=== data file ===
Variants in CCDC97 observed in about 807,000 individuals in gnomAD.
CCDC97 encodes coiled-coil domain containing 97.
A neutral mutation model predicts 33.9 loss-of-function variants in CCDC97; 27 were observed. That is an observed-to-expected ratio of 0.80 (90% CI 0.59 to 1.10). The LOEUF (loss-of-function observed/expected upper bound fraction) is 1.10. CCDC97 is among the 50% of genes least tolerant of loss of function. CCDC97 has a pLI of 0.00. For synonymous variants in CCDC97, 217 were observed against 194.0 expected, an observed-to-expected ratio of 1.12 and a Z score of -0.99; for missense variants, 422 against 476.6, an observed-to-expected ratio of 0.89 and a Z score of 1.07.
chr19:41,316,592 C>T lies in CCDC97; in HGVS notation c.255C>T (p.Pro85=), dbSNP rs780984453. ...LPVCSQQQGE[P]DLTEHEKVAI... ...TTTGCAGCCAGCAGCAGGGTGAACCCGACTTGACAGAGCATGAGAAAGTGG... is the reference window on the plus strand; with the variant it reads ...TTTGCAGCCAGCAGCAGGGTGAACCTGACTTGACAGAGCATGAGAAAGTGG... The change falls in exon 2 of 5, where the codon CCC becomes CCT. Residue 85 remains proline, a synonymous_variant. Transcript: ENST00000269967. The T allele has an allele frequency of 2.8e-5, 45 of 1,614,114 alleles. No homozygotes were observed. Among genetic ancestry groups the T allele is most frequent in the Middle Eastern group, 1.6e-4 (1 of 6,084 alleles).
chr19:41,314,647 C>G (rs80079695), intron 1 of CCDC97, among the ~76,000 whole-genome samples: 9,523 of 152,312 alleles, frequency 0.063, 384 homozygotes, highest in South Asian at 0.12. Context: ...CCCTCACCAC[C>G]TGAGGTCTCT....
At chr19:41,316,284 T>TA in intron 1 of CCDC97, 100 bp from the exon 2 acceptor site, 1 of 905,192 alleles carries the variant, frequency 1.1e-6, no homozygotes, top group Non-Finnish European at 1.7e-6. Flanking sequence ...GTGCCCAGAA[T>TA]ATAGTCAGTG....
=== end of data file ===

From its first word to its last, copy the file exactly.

Variants in CCDC97 observed in about 807,000 individuals in gnomAD.
CCDC97 encodes coiled-coil domain containing 97.
A neutral mutation model predicts 33.9 loss-of-function variants in CCDC97; 27 were observed. That is an observed-to-expected ratio of 0.80 (90% CI 0.59 to 1.10). The LOEUF (loss-of-function observed/expected upper bound fraction) is 1.10. CCDC97 is among the 50% of genes least tolerant of loss of function. CCDC97 has a pLI of 0.00. For synonymous variants in CCDC97, 217 were observed against 194.0 expected, an observed-to-expected ratio of 1.12 and a Z score of -0.99; for missense variants, 422 against 476.6, an observed-to-expected ratio of 0.89 and a Z score of 1.07.
chr19:41,316,592 C>T lies in CCDC97; in HGVS notation c.255C>T (p.Pro85=), dbSNP rs780984453. ...LPVCSQQQGE[P]DLTEHEKVAI... ...TTTGCAGCCAGCAGCAGGGTGAACCCGACTTGACAGAGCATGAGAAAGTGG... is the reference window on the plus strand; with the variant it reads ...TTTGCAGCCAGCAGCAGGGTGAACCTGACTTGACAGAGCATGAGAAAGTGG... The change falls in exon 2 of 5, where the codon CCC becomes CCT. Residue 85 remains proline, a synonymous_variant. Transcript: ENST00000269967. The T allele has an allele frequency of 2.8e-5, 45 of 1,614,114 alleles. No homozygotes were observed. Among genetic ancestry groups the T allele is most frequent in the Middle Eastern group, 1.6e-4 (1 of 6,084 alleles).
chr19:41,314,647 C>G (rs80079695), intron 1 of CCDC97, among the ~76,000 whole-genome samples: 9,523 of 152,312 alleles, frequency 0.063, 384 homozygotes, highest in South Asian at 0.12. Context: ...CCCTCACCAC[C>G]TGAGGTCTCT....
At chr19:41,316,284 T>TA in intron 1 of CCDC97, 100 bp from the exon 2 acceptor site, 1 of 905,192 alleles carries the variant, frequency 1.1e-6, no homozygotes, top group Non-Finnish European at 1.7e-6. Flanking sequence ...GTGCCCAGAA[T>TA]ATAGTCAGTG....